8745

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(*<*)


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theory Nested = Main:;


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(*>*)


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text{*


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So far, all datatypes had the property that on the righthand side of their


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definition they occurred only at the toplevel, i.e.\ directly below a


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constructor. This is not the case any longer for the following model of terms


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where function symbols can be applied to a list of arguments:


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*}


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datatype ('a,'b)"term" = Var 'a  App 'b "('a,'b)term list";


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text{*\noindent


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Note that we need to quote \isa{term} on the left to avoid confusion with


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the command \isacommand{term}.


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Parameter \isa{'a} is the type of variables and \isa{'b} the type of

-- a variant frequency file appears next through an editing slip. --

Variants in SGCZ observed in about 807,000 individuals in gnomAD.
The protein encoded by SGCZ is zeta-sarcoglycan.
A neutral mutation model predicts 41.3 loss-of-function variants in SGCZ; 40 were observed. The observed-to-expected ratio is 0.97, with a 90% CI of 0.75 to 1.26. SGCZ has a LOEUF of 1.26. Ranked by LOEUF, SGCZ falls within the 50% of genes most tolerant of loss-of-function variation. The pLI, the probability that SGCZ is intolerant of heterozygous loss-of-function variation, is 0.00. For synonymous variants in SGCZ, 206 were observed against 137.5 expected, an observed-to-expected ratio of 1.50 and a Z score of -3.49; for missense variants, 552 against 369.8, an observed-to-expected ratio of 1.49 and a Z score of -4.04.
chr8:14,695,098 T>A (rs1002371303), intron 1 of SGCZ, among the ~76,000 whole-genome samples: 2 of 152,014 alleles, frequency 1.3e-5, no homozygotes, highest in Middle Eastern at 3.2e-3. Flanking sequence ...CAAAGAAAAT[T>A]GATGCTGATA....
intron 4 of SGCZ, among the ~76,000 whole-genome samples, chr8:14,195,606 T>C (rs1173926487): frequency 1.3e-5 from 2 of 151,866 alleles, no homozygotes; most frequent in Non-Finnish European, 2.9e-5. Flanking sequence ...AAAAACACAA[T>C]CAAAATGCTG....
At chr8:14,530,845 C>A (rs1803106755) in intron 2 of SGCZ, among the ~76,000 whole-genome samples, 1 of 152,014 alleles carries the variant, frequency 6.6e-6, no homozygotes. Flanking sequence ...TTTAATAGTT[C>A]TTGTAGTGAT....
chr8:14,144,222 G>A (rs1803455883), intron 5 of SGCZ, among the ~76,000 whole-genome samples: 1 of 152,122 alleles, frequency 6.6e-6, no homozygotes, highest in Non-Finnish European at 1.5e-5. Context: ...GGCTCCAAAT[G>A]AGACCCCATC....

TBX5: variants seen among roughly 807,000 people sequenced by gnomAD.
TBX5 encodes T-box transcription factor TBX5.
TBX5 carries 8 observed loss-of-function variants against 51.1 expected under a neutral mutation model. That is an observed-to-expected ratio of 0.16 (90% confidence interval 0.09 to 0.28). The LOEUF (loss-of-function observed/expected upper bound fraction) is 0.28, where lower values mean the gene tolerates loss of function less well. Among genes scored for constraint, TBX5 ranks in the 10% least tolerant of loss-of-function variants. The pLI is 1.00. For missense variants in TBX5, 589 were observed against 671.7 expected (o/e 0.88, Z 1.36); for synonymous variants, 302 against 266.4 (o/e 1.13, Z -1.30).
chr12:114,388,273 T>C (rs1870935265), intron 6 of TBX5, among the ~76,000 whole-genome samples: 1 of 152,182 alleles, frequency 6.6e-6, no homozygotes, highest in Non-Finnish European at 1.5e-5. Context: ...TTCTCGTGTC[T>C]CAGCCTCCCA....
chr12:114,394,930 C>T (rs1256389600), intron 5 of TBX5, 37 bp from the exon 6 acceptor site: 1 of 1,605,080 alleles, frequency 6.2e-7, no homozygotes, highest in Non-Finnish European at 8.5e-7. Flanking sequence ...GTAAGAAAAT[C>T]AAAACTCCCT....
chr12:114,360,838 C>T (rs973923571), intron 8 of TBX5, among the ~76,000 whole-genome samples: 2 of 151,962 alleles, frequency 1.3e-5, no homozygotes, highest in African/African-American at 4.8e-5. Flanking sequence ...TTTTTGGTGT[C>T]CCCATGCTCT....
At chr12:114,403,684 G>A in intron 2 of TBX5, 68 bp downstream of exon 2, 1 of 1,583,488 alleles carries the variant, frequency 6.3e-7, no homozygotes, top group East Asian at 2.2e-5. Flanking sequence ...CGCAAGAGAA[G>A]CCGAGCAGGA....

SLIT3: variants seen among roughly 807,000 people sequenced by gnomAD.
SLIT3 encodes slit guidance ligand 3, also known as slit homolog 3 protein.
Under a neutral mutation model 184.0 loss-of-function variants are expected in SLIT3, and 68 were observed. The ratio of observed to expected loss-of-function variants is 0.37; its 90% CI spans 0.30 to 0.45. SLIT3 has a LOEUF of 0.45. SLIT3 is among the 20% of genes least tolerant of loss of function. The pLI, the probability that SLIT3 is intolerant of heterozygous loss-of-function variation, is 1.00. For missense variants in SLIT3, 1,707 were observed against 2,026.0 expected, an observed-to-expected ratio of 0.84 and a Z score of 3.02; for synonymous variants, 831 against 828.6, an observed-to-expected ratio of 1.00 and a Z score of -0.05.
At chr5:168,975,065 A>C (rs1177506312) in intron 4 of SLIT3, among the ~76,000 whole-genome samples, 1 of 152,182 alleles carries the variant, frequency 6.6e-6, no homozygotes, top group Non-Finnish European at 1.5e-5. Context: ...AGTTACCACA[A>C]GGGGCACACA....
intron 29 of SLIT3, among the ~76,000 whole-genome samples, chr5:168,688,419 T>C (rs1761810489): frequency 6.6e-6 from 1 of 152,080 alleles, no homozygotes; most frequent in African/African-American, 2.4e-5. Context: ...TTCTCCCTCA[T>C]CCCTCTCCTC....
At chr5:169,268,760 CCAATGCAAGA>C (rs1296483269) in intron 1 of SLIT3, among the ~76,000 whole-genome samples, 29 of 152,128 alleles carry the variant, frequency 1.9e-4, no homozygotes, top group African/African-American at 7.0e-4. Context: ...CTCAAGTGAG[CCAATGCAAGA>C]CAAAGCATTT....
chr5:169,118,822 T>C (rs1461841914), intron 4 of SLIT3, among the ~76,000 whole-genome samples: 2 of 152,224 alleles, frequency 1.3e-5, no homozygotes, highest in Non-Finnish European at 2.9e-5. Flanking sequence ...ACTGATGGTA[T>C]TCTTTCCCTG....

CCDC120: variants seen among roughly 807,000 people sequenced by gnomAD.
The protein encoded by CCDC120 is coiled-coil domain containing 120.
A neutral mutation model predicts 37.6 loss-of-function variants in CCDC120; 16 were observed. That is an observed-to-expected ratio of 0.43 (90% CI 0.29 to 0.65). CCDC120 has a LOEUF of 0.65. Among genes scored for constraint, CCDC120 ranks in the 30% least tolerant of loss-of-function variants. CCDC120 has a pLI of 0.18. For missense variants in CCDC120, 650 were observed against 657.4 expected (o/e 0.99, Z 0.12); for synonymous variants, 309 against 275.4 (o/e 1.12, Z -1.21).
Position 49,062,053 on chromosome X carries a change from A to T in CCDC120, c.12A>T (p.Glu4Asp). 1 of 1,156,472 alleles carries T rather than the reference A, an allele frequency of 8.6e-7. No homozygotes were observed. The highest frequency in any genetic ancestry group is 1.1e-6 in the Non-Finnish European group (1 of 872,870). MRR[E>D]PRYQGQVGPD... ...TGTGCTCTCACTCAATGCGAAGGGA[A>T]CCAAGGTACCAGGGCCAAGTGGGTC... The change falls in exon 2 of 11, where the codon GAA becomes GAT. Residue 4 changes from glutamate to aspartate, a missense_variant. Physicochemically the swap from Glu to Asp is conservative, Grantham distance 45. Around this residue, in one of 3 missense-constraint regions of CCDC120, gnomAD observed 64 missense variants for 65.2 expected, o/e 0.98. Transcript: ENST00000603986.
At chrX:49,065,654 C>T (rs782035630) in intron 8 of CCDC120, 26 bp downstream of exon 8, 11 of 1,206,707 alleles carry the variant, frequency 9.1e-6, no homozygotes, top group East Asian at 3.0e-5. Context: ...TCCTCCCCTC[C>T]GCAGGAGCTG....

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function symbols.


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A mathematical term like $f(x,g(y))$ becomes \isa{App f [Var x, App g


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[Var y]]}, where \isa{f}, \isa{g}, \isa{x}, \isa{y} are


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suitable values, e.g.\ numbers or strings.


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What complicates the definition of \isa{term} is the nested occurrence of


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\isa{term} inside \isa{list} on the righthand side. In principle,


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nested recursion can be eliminated in favour of mutual recursion by unfolding


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the offending datatypes, here \isa{list}. The result for \isa{term}


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would be something like


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\begin{ttbox}


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\input{Datatype/tunfoldeddata}\end{ttbox}


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Although we do not recommend this unfolding to the user, it shows how to


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simulate nested recursion by mutual recursion.


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Now we return to the initial definition of \isa{term} using


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nested recursion.


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Let us define a substitution function on terms. Because terms involve term


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lists, we need to define two substitution functions simultaneously:


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*}


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consts


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subst :: "('a\\<Rightarrow>('a,'b)term) \\<Rightarrow> ('a,'b)term \\<Rightarrow> ('a,'b)term"


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substs:: "('a\\<Rightarrow>('a,'b)term) \\<Rightarrow> ('a,'b)term list \\<Rightarrow> ('a,'b)term list";


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primrec


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"subst s (Var x) = s x"